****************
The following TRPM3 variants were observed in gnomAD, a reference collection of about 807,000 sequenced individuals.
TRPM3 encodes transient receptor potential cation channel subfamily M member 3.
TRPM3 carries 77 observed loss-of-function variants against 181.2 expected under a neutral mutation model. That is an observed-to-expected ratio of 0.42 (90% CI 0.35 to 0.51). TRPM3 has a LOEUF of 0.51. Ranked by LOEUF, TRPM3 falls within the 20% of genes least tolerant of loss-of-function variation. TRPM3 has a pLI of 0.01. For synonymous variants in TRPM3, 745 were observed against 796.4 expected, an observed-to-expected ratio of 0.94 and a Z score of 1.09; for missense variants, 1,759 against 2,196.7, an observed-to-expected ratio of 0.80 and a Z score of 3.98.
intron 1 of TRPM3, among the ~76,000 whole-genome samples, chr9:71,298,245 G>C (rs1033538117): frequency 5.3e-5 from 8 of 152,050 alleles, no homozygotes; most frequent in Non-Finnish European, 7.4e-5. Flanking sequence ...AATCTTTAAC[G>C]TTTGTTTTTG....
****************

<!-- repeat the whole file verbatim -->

The following TRPM3 variants were observed in gnomAD, a reference collection of about 807,000 sequenced individuals.
TRPM3 encodes transient receptor potential cation channel subfamily M member 3.
TRPM3 carries 77 observed loss-of-function variants against 181.2 expected under a neutral mutation model. That is an observed-to-expected ratio of 0.42 (90% CI 0.35 to 0.51). TRPM3 has a LOEUF of 0.51. Ranked by LOEUF, TRPM3 falls within the 20% of genes least tolerant of loss-of-function variation. TRPM3 has a pLI of 0.01. For synonymous variants in TRPM3, 745 were observed against 796.4 expected, an observed-to-expected ratio of 0.94 and a Z score of 1.09; for missense variants, 1,759 against 2,196.7, an observed-to-expected ratio of 0.80 and a Z score of 3.98.
intron 1 of TRPM3, among the ~76,000 whole-genome samples, chr9:71,298,245 G>C (rs1033538117): frequency 5.3e-5 from 8 of 152,050 alleles, no homozygotes; most frequent in Non-Finnish European, 7.4e-5. Flanking sequence ...AATCTTTAAC[G>C]TTTGTTTTTG....